Multicultural Children’s Book Day 2021 (1/29/21) is in its 8th
year! This non-profit children’s
literacy initiative was founded by
Valarie Budayr and Mia Wenjen; two diverse book-loving
moms who saw a need to shine the spotlight on all of the multicultural books and authors on the market while also working to get those book into the hands of young readers and educators.
Eight years in, MCBD’s mission is to raise awareness of the ongoing need to include kids’ books
that celebrate diversity in homes and school bookshelves continues. Read about our Mission & History HERE. (**Red Hen here- be sure to check out all the resources for educators and parents- it’s a real treasure trove!)
MCBD 2021 is honored to be Supported by these Medallion Sponsors!
Mia Wenjen (Pragamaticmom) and Valarie Budayr’s(Audreypress.com)
Language Lizard Bilingual Books in 50+ Languages,
Cummings and Make A Way Media
Barefoot Books, Candlewick Press, Capstone, Hoopoe Books, KidLitTV, Peachtree Publishing Company Inc.
Connecticut Association of School Librarians, Author
Kimberly Gordon Biddle,
Agatha Rodi and
IMPRESSED!, Barnes Brothers Books, Create and Educate Solutions, LLC, Dreambuilt Books, Dyesha and Triesha
Redfin Real Estate, Snowflake Stories, Star Bright Books,
TimTimTom Bilingual Personalized Books,
Author Vivian Kirkfield,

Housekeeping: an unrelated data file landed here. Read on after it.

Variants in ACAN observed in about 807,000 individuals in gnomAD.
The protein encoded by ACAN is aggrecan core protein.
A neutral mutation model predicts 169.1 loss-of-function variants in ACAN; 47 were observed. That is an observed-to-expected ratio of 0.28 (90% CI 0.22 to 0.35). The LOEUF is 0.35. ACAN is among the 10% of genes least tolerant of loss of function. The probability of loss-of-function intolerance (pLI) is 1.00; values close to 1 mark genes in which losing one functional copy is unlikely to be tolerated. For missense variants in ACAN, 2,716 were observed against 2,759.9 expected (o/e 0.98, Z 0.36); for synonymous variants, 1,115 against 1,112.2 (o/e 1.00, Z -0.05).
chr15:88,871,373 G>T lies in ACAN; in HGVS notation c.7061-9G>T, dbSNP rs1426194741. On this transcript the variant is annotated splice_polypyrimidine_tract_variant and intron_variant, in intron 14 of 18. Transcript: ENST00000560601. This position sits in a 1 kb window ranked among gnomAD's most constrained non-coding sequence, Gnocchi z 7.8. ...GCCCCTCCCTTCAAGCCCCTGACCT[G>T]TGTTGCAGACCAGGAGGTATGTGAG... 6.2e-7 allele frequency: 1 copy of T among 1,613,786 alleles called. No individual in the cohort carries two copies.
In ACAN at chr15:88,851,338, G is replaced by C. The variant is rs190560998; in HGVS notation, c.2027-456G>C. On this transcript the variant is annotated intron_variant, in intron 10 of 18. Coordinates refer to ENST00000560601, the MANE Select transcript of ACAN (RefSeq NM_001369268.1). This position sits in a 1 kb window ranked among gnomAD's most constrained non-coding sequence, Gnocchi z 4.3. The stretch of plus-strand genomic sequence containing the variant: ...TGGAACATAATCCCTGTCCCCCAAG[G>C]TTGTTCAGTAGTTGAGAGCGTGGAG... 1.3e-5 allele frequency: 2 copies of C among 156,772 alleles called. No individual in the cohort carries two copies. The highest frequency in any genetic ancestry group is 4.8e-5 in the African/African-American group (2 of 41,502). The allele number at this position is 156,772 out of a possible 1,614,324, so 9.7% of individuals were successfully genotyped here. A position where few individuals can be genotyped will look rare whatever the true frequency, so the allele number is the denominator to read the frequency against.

Wisdom Tales Press,
My Well Read Child
MCBD 2021 is
honored to be Supported by these Author Sponsors!
Author Afsaneh Moradian,
Author Alva Sachs & Three Wishes Publishing
Author Angeliki Stamatopoulou-Pedersen, Author Anna Olswanger, Author
Casey Bell, Author Claudine Norden, Author Debbie Dadey,
Author Diana Huang &
Intrepids, Author Eugenia Chu & Brandon goes to Beijing, Green Kids Club, Author Gwen Jackson,
Author Janet Balletta, Author Josh Funk, Author Julia Inserro,
Karter Johnson & Popcorn and Books, Author Kathleen Burkinshaw & The Last Cherry
Blossom, Author Keila Dawson,
Maya/Neel Adventures with Culture Groove, Author Mia
Wenjen, Michael Genhart, Nancy Tupper Ling, Author Natalie Murray, Natalie McDonald-Perkins, Author Natasha Yim,
Author Phe Lang and Me On The Page Publishing, Sandra Elaine Scott, Author Shoumi Sen & From The Toddler Diaries, SISSY
GOES TINYby Rebecca Flansburg and B.A. Norrgard, Susan Schaefer Bernardo &
Illustrator Courtenay Fletcher,
Tales of the Five Enchanted Mermaids, Author Theresa
Mackiewicz, Tonya Duncan and the Sophie Washington Book Series, Author Toshia Stelivan,
Sanchez & The Cocoa Kids Collection Books©, Author Vanessa Womack, MBA, Author Veronica Appleton & the Journey to Appleville book series
MCBD 2021 is Honored to be Supported by our
CoHosts and Global CoHosts!
MCBD 2021 is Honored to be Supported by these
Join us on Friday, Jan 29, 2021, at 9 pm EST for the 8th annual Multicultural Children’s Book
This epically fun and fast-paced hour includes multicultural book discussions, addressing timely
issues, diverse book recommendations, & reading ideas.
We will be giving away an 8-Book Bundle every 5 minutes plus Bonus Prizes as well! *** US
and Global participants welcome. **
Follow the hashtag #ReadYourWorld to join the conversation, connect with like-minded parts,
authors, publishers, educators, organizations, and librarians. See you all very soon on Twitter!
Don’t forget to connect with
us on social media and be sure and look for/use our
And now the reviews!
I was gifted not one, not two, but FOUR books to review this year. Be still my heart.
Folk Tales From Japan written/compiled by Florence Sakade, illustrated by Yoshio Hayashi, publisher Tuttle Publishing.